This march is one of my favorite pieces for the horn section. I've played this since I was first in a Salvation Army band.
As I've told you before, I tend to make lists. As a bandsman in the Seattle Temple Corps band, I used to make lists of all of the bandsmen and former bandsmen in the area I knew. I would look for these people and wonder why they weren't in the band. I would talk to them and find out what the problem was. Whenever the band played, I would look in the audience for the people on my list. Frequently, I would see a better band sitting in the congregation than was sitting on the platform. One Sunday morning, I counted 15 bandsmen on the platform and 35 in the audience. This grated on me all of my life.
When I first got to the Houston Temple Corps, I was sitting in the band playing a hymn tune and I heard the sweetest cornet playing you could imagine. I thought, "Wow, we've got a great cornet player in this band." I started watching the small cornet section to see who was making such wonderful music. It wasn't anybody in the band. I started watching and looking around, and there, in the second row of the audience, was an older man with a cornet. Whenever the band would accompany the congregation, he would play his cornet. This annoyed the bandmaster. It turns out that the bandmaster in Houston Temple was just like the bandmaster in Seattle Temple. He never spoke to him and never invited him to play in the band.
The Cornet Players Wife, Children and Grand Children
One night we had a concert. During the concert, I announced that if anybody wanted to play in the band, they should come and see me. One of the daughters of the cornet player already played Alto Horn in our band. That night, her sister came to me and asked if she could play in the band. We now had the cornet players wife on the Bass Drum and his two daughters on the Alto Horn. The new Alto Horn player has two daughters and both of them came to play in the Timbrel Brigade.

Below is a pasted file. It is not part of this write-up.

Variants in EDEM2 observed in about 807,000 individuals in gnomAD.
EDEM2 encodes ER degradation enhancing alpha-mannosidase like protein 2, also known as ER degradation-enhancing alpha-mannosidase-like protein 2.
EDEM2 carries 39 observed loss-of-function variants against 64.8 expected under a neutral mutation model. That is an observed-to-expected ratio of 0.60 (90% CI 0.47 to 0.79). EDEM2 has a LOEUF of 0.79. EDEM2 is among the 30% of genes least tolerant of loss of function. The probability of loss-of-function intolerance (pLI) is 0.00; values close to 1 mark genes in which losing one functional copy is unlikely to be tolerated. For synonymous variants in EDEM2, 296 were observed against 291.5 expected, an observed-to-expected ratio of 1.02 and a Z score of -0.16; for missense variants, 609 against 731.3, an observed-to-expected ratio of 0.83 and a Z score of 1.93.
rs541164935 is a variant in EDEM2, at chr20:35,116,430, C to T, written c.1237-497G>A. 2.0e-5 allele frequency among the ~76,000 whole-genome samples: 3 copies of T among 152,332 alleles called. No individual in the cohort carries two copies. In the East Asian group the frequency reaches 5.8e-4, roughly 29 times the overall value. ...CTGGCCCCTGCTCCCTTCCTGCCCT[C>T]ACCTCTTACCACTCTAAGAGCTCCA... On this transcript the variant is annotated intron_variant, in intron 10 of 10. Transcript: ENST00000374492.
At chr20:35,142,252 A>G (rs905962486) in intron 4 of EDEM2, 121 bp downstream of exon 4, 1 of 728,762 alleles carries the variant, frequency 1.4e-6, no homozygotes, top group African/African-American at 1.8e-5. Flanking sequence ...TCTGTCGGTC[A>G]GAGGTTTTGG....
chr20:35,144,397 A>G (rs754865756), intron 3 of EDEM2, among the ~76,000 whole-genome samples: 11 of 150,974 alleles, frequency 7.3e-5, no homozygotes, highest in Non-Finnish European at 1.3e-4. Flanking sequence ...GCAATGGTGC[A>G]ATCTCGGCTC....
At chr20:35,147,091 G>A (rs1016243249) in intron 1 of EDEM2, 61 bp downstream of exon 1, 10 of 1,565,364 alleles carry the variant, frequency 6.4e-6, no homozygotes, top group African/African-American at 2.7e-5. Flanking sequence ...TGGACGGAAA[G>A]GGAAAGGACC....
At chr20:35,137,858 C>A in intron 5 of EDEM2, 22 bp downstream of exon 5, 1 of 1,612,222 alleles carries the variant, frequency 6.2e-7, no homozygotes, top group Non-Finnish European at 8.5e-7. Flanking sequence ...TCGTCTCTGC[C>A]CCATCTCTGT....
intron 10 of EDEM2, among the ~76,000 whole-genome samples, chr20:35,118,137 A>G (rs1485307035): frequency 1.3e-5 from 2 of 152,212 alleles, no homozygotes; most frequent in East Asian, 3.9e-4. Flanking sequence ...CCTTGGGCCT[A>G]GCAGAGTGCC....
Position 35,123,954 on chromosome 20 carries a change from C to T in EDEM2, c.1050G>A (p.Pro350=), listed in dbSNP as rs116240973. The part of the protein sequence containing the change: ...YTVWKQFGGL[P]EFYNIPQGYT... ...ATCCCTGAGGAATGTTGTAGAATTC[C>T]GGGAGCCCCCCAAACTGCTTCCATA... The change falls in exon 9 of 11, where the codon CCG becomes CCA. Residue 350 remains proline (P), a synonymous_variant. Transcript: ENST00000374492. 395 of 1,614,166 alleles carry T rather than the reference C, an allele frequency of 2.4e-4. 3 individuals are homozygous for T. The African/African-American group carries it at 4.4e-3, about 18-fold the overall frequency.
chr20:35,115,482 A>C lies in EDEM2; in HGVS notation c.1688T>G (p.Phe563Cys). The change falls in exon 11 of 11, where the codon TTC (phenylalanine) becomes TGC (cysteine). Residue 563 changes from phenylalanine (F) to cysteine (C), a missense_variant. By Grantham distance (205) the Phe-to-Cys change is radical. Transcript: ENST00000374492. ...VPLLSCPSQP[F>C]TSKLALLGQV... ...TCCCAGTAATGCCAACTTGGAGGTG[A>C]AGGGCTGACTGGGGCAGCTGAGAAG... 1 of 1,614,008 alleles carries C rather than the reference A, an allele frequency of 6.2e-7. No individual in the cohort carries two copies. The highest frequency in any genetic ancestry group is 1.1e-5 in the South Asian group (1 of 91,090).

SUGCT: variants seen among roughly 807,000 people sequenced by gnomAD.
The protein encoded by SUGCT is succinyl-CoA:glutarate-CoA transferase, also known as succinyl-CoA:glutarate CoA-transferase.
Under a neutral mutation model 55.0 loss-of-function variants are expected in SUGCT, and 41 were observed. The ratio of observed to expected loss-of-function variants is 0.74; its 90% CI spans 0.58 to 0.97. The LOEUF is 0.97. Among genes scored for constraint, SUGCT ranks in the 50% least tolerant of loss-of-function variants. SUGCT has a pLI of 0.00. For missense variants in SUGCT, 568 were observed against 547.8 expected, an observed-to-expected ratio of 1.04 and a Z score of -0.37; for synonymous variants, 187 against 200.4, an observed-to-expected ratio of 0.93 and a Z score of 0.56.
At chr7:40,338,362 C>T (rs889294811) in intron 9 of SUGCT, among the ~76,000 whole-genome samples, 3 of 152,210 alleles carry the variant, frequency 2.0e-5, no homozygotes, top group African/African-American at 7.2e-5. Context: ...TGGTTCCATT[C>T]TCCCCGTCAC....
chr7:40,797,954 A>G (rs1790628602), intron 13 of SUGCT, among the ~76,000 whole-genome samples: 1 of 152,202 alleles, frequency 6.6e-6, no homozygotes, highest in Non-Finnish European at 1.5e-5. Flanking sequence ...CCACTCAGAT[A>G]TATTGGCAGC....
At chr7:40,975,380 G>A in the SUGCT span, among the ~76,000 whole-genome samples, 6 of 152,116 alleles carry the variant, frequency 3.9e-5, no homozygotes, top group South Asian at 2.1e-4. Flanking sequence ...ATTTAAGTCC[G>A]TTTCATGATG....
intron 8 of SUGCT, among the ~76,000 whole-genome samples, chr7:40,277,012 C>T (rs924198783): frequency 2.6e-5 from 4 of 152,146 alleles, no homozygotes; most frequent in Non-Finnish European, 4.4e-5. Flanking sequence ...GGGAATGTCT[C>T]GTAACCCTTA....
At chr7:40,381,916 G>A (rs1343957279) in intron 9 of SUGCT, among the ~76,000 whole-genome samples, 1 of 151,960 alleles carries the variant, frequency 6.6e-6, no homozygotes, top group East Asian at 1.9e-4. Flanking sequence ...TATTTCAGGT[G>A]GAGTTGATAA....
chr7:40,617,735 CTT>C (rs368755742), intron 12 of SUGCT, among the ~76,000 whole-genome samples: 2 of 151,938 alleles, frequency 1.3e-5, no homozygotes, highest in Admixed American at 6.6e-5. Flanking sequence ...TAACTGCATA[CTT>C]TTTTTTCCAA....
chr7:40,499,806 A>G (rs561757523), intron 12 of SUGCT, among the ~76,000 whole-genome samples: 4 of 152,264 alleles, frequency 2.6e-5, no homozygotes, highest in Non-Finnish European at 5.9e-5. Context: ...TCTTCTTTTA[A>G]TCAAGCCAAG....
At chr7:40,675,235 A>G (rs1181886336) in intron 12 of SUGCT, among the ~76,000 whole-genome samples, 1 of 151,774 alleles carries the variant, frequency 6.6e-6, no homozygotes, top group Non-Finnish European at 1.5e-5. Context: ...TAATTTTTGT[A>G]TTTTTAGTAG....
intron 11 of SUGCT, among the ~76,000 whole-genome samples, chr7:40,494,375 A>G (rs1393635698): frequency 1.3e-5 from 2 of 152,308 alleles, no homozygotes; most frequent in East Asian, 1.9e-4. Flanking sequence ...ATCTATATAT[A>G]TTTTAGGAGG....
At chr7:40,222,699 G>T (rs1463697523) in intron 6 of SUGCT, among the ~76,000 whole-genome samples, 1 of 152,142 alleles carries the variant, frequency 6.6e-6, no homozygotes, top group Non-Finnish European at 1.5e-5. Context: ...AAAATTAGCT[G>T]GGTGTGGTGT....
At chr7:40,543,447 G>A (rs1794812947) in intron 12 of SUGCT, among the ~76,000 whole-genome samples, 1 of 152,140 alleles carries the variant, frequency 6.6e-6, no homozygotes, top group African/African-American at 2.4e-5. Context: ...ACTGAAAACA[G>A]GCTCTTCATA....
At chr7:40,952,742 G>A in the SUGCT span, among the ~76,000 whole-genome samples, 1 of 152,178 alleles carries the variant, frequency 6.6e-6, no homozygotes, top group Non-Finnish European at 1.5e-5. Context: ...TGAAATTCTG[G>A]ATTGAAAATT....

The Young Couple in the Horn Section
One Saturday, I showed up at band practice and two of our players were missing. They were a young married couple. I asked where they were and someone told me thy had quit the Army. Somewhere along the way, they had become upset, couldn't take it any more and walked away. Since one of my favorite songs starts out " O love that wilt not let me go,..." I could no more let these people go than if they were my own children. I could not sleep if I knew there was a Salvation Army bandsman anywhere in my sphere of influence who was not playing in a band so after band practice, I went home and got my trusty Thompson Chain Bible out. This is one of my most cherished possessions. I bought it in Seattle when I was in high school. I cannot stand to see someone writing in a book so there is no mark whatsoever in my Bible. A lot of people like to take notes in their Bibles and they have color coded pens and pencils to mark places with special meanings. My Bible looks like nobody has ever opened it, except that the front cover wore out and fell off one day. I opened my Bible to the scripture verse that Norman Bearcroft had used in our corps which had such a good influence on our band. I wrote the couple of missing bandsmen a letter. I wrote out the sermon that Norman Bearcroft had preached including the scripture verses that he had used. I pointed out that they weren't the first bandsmen to become disillusioned and leave a musical group. I explained the scripture verse and I told them how we loved them, we would miss them and we wanted them back in that band. This young couple had each been in the Salvation Army all of their lives. There parents were Salvation Army officers.